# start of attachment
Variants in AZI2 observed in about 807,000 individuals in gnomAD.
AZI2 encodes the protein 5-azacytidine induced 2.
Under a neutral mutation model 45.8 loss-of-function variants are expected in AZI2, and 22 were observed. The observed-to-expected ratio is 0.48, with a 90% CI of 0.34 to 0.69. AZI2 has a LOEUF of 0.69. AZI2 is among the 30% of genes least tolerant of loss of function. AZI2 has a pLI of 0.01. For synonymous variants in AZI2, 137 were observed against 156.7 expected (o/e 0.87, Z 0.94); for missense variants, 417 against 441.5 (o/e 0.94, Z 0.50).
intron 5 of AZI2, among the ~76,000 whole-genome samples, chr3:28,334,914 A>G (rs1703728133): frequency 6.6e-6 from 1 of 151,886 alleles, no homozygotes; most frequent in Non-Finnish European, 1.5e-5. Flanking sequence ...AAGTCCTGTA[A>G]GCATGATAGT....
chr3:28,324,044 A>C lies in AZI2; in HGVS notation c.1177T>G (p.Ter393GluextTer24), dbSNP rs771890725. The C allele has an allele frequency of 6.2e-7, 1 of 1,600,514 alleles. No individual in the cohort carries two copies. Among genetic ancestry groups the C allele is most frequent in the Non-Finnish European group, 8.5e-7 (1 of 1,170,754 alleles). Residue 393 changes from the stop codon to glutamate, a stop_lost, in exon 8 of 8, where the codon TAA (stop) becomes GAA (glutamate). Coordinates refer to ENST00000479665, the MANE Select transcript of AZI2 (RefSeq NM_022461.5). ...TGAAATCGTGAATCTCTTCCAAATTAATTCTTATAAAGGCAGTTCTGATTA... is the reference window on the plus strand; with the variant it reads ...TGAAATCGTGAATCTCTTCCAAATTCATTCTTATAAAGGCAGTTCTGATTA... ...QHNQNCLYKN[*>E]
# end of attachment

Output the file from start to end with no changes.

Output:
Variants in AZI2 observed in about 807,000 individuals in gnomAD.
AZI2 encodes the protein 5-azacytidine induced 2.
Under a neutral mutation model 45.8 loss-of-function variants are expected in AZI2, and 22 were observed. The observed-to-expected ratio is 0.48, with a 90% CI of 0.34 to 0.69. AZI2 has a LOEUF of 0.69. AZI2 is among the 30% of genes least tolerant of loss of function. AZI2 has a pLI of 0.01. For synonymous variants in AZI2, 137 were observed against 156.7 expected (o/e 0.87, Z 0.94); for missense variants, 417 against 441.5 (o/e 0.94, Z 0.50).
intron 5 of AZI2, among the ~76,000 whole-genome samples, chr3:28,334,914 A>G (rs1703728133): frequency 6.6e-6 from 1 of 151,886 alleles, no homozygotes; most frequent in Non-Finnish European, 1.5e-5. Flanking sequence ...AAGTCCTGTA[A>G]GCATGATAGT....
chr3:28,324,044 A>C lies in AZI2; in HGVS notation c.1177T>G (p.Ter393GluextTer24), dbSNP rs771890725. The C allele has an allele frequency of 6.2e-7, 1 of 1,600,514 alleles. No individual in the cohort carries two copies. Among genetic ancestry groups the C allele is most frequent in the Non-Finnish European group, 8.5e-7 (1 of 1,170,754 alleles). Residue 393 changes from the stop codon to glutamate, a stop_lost, in exon 8 of 8, where the codon TAA (stop) becomes GAA (glutamate). Coordinates refer to ENST00000479665, the MANE Select transcript of AZI2 (RefSeq NM_022461.5). ...TGAAATCGTGAATCTCTTCCAAATTAATTCTTATAAAGGCAGTTCTGATTA... is the reference window on the plus strand; with the variant it reads ...TGAAATCGTGAATCTCTTCCAAATTCATTCTTATAAAGGCAGTTCTGATTA... ...QHNQNCLYKN[*>E]